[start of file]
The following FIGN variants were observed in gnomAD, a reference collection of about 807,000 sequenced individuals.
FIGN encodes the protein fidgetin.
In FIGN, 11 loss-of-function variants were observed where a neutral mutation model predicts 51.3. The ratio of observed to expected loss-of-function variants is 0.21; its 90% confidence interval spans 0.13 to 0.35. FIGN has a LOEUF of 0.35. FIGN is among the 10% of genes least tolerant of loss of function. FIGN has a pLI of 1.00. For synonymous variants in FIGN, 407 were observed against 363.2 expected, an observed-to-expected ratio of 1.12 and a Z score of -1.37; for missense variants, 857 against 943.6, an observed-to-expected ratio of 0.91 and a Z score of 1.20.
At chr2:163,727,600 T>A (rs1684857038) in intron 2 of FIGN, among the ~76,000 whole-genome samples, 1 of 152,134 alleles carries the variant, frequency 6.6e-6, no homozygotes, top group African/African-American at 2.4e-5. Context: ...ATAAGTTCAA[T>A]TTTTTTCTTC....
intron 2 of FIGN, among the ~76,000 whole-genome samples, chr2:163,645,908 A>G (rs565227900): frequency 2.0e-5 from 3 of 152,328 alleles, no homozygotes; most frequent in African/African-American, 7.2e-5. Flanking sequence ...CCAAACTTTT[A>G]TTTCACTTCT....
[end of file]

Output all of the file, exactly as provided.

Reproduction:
The following FIGN variants were observed in gnomAD, a reference collection of about 807,000 sequenced individuals.
FIGN encodes the protein fidgetin.
In FIGN, 11 loss-of-function variants were observed where a neutral mutation model predicts 51.3. The ratio of observed to expected loss-of-function variants is 0.21; its 90% confidence interval spans 0.13 to 0.35. FIGN has a LOEUF of 0.35. FIGN is among the 10% of genes least tolerant of loss of function. FIGN has a pLI of 1.00. For synonymous variants in FIGN, 407 were observed against 363.2 expected, an observed-to-expected ratio of 1.12 and a Z score of -1.37; for missense variants, 857 against 943.6, an observed-to-expected ratio of 0.91 and a Z score of 1.20.
At chr2:163,727,600 T>A (rs1684857038) in intron 2 of FIGN, among the ~76,000 whole-genome samples, 1 of 152,134 alleles carries the variant, frequency 6.6e-6, no homozygotes, top group African/African-American at 2.4e-5. Context: ...ATAAGTTCAA[T>A]TTTTTTCTTC....
intron 2 of FIGN, among the ~76,000 whole-genome samples, chr2:163,645,908 A>G (rs565227900): frequency 2.0e-5 from 3 of 152,328 alleles, no homozygotes; most frequent in African/African-American, 7.2e-5. Flanking sequence ...CCAAACTTTT[A>G]TTTCACTTCT....